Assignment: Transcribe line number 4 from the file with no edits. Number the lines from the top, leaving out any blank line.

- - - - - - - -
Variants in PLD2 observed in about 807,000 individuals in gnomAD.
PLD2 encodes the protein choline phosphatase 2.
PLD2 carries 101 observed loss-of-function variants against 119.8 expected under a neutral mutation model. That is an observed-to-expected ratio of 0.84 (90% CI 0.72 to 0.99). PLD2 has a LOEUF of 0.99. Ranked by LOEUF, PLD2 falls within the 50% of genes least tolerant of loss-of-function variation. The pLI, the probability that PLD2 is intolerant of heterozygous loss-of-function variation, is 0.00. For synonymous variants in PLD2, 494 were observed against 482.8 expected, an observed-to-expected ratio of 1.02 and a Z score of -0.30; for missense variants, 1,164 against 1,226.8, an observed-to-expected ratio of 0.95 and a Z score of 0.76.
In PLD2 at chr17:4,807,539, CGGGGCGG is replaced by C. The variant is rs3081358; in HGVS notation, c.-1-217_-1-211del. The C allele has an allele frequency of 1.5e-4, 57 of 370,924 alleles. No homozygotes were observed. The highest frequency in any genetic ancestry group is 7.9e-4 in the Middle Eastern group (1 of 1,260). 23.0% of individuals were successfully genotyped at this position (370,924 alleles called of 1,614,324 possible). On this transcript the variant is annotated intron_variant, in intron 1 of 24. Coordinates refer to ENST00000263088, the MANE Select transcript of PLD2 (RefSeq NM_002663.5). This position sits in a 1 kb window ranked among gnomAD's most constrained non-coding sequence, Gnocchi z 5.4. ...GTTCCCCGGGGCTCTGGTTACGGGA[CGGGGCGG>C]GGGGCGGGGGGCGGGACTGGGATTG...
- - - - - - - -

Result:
In PLD2 at chr17:4,807,539, CGGGGCGG is replaced by C. The variant is rs3081358; in HGVS notation, c.-1-217_-1-211del. The C allele has an allele frequency of 1.5e-4, 57 of 370,924 alleles. No homozygotes were observed. The highest frequency in any genetic ancestry group is 7.9e-4 in the Middle Eastern group (1 of 1,260). 23.0% of individuals were successfully genotyped at this position (370,924 alleles called of 1,614,324 possible). On this transcript the variant is annotated intron_variant, in intron 1 of 24. Coordinates refer to ENST00000263088, the MANE Select transcript of PLD2 (RefSeq NM_002663.5). This position sits in a 1 kb window ranked among gnomAD's most constrained non-coding sequence, Gnocchi z 5.4. ...GTTCCCCGGGGCTCTGGTTACGGGA[CGGGGCGG>C]GGGGCGGGGGGCGGGACTGGGATTG...